"Leave it to an economist to make an impassioned argument for why we shouldn't give gifts, especially during the holidays."--Los Angeles Times "[A] small but very well-written and well-argued book which makes some serious points as well as poking fun at the nightmare of Christmas shopping... Point by point the author demolishes the case for giving gifts. In fact, this is a very sensible book on every level."--Times Literary Supplement "Waldfogel delivers a badly needed poke in the eye at holiday-time consumer madness, positing that not only is compulsory gift giving stressful and expensive, but it's economically unsound... This lively, spot-on book may be the one gift that still makes sense to buy come Black Friday."--Publishers Weekly "Scroogenomics is a quick read. Not only is it well under 200 pages, but the book can easily fit in your pocket. This is no think volume intended to scare off non-economists. Better still, Scroogenomics is almost entirely free of jargon. And when technical terms do appear, they are immediately explained."--Ryan Young, Washington Times "Another huge, value-destroying hurricane is about to slam America, destroying billions of dollars of value. Another Katrina? No, another Christmas. This voluntary December calamity is explained in a darkly amusing little book that is about the size of an iPhone. Scroogenomics comes from a distinguished publisher, Princeton University Press, and an eminent author, Joel Waldfogel of the University of Pennsylvania's Wharton business school."--George Will, Washington Post "In his new book, Scroogenomics--a perfect stocking-filler--Waldfogel argues that buying presents is no longer a luxury but a necessity because the social pressure is immense."--John-Paul Flintoff, Sunday Times "Waldfogel assesses holiday gift giving though the lens of economic tenets such as opportunity costs and deadweight loss. The result is a short but engaging manifesto on the inefficiency of the tradition, concluding with several solutions to increase satisfaction for both givers and receivers. Although his own suggestions mandate that you not buy this book for someone who wanted something else, fans of Freakonomics and The Economic Naturalist may love it."--Library Journal "[A] handsome little book... Waldfogel is, if not a unique, then certainly a rare economist."--Australian "Nobody has done more to damage relations between the joyous commercial festival that is Christmas and the economics profession than Joel Waldfogel. Long-term readers of this column will be well aware of Professor Waldfogel's research paper, 'The Deadweight Loss of Christmas'. Ever since it was published in 1993 it has been taken out by economic journalists and displayed like last year's decorations. Waldfogel--a witty writer himself--has evidently decided that if everyone is going to discuss the idea, he may as well get in on the act, so has published Scroogenomics, a book that--dare I say it--looks like it would make a terrific stocking-filler."--Tim Harford, Financial Times "And now, in a new book called Scroogenomics, a U.S. economist has helpfully done the math on the holiday he declares, as only an economist would, an 'organized institution for value destruction.'"--Erin Anderssen, Globe & Mail "You would have thought that a book entitled Scroogenomics, which has been published in a recession and exhorts us to give up buying presents this Christmas, would do so from a spirit of, if not outright meanness, then at least heartfelt thrift. But Professor Joel Waldfogel instead uses a rather arch economic formula to explain why giving presents is a complete waste of time."--Rosie Millard, New Statesman "[A]n interesting and provocative book."--Times Higher Education "[Scroogenomics] is a nicely-timed stocking filler from the man who estimates that badly-chosen Christmas presents will waste the equivalent of $25bn across the world this year."--Tim Harford, Prospect "Written in a breezy, engaging style (he quotes Homer Simpson, not Friedrich von Hayek), Waldfogel's book attempts to quantify the cost to society of millions of Grandmas, Aunt Beas, and Uncle Charlies bestowing incorrect sweaters, candles, and other dud gifts, and presents a couple of options to reduce that loss."--Baltimore City Paper "[F]ar from being Scrooge-like, Scroogenomics points out that we could do something much more useful with our money, such as redistribute it to those who really need it."--The Age "Leave it to an economist to trample on a cherished year-long tradition. Joel Waldfogel, an economist at the University of Pennsylvania's Wharton School of Business, has written a book that promoters hype as one 'Santa doesn't want you to read.' Scroogenomics is a brief but biting little book about how our obsession with holiday spending generates some $85 billion dollars of economic waste each winter... Waldfogel doesn't just stomp on tradition. He offers solutions, such as charity gift cards that can be used as a force for good, and suggests transferring balances on regular store gift cards to charities after a certain time rather than let them go unredeemed."--Atlanta Journal-Constitution "If you're heading for the stores today, keep one thing in mind: Many of the gifts you buy today are likely unwanted. In his new book Scroogenomics, University of Pennsylvania economist Joel Waldfogel warns that most of us are not so great at gift-giving. He has data to back it up, and he offers a solution."--Fort Worth Star-Telegram "Joel Waldfogel has meticulously quantified the spirit of Christmas, giving in to a set of numbers and percentages that may discourage even the most enthusiastic Black Friday shopper this year. In his book Scroogenomics, he tells you why you should think twice before your holiday shopping spree, and why it's not better to give an unwanted beaded sweater or talking fish than no present at all."--Deseret News "My enthusiasm for buying gifts has been greatly reduced ... after reading Scroogenomics."--Shanghai Daily "This 186-page pocketbook measures just 4 by 6 inches in size, and invites readers to think just as small when it comes to holiday excess. Joel Waldfogel, an economist at the University of Pennsylvania's Wharton School, goes beyond the obvious in arguing against habitual gift-giving."--Mark Jewell, Associated Press "This is a serious study of the economics of Christmas. It looks at the huge waste involved, looks back to earlier times and how previous generations celebrated the festive season, even suggests that buying presents should stop and then attempts to offer some solutions as to how Christmas can be a time of giving without being a time 'to max out our credit cards to finance the gift storm.'"--Sydney Morning Herald "Oftentimes in days of yore, I would sit by the fireside at Noel, glass of sherry I hand, warm, confused feeling in head, and survey the detritus of a Christmas-morning blitzkrieg of unwrapping and the shrapnel of packaging genocide and think: what a waste of money. Being of a naturally grump disposition, my attitude was habitually put down to an anti-Christmas 'Bah! Humbug!' tendency. But now here comes Joel Waldfogel to barge his way to the top of my (short) Christmas-card list telling everyone who sneered at my festive dispiritedness that I was right all along."--Stephen McCarty, South China Morning Post "It's blinding. Put it on your Christmas list."--Dan Douglass, Marketing Direct "[I]n his recent book Scroogenomics, Professor Waldfogel makes a knowingly provocative case for changing the entire cursed gift system."--Guardian "If Joel Waldfogel is correct, the Three Wise Men were just the sort of people who should not have bought Christmas presents."--Irish Times "If you enjoy the title, you will enjoy the book."--Declann Trott, Economic Record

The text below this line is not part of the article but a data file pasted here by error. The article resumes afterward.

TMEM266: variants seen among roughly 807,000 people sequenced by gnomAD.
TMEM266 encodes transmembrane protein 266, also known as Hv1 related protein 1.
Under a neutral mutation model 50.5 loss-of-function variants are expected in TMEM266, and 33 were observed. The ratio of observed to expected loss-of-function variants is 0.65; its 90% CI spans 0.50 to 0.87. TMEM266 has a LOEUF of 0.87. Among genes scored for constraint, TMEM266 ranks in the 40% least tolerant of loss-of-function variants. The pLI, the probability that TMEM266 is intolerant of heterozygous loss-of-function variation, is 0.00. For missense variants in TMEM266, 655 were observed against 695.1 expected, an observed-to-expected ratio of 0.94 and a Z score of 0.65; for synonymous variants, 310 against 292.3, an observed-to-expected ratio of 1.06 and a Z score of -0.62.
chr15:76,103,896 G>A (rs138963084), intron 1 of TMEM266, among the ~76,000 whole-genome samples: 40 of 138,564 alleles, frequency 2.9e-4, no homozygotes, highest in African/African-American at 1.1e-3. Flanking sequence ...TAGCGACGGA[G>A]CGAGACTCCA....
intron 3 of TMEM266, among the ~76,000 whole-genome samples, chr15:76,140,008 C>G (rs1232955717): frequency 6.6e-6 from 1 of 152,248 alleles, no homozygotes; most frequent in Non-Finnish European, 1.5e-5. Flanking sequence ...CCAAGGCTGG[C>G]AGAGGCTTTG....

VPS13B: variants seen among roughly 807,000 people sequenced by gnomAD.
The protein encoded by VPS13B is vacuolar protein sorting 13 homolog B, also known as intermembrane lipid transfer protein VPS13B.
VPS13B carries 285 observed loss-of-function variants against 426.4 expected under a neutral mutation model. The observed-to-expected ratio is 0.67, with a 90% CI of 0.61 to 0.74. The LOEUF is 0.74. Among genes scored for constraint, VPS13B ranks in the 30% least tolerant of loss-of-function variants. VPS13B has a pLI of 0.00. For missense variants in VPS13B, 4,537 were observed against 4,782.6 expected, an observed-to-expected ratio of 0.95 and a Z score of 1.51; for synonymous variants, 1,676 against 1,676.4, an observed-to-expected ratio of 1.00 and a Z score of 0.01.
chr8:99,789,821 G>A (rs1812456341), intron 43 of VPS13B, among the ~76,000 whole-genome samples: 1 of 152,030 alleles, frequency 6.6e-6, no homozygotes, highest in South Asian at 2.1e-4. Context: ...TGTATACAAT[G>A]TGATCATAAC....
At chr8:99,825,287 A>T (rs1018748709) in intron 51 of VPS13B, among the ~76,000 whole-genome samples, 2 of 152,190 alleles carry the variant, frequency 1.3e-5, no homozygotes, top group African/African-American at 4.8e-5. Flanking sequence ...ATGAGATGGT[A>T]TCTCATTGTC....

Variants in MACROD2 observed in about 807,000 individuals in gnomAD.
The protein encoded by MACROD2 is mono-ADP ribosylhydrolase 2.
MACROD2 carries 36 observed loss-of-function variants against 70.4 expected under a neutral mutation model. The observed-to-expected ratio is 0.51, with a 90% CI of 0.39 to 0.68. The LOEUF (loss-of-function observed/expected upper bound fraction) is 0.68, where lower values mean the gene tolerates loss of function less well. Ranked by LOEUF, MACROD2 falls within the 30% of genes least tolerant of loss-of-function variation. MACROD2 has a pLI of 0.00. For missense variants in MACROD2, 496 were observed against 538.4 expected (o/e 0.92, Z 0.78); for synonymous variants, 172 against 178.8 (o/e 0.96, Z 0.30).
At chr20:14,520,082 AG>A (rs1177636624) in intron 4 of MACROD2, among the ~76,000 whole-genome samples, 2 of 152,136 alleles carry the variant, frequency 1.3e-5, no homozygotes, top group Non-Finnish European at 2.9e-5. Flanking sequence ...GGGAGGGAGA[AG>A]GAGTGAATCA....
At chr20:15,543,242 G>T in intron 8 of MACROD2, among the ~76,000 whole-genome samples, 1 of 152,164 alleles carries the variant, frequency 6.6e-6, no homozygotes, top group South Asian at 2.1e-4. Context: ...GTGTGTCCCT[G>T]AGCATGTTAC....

Über den Autor und weitere Mitwirkende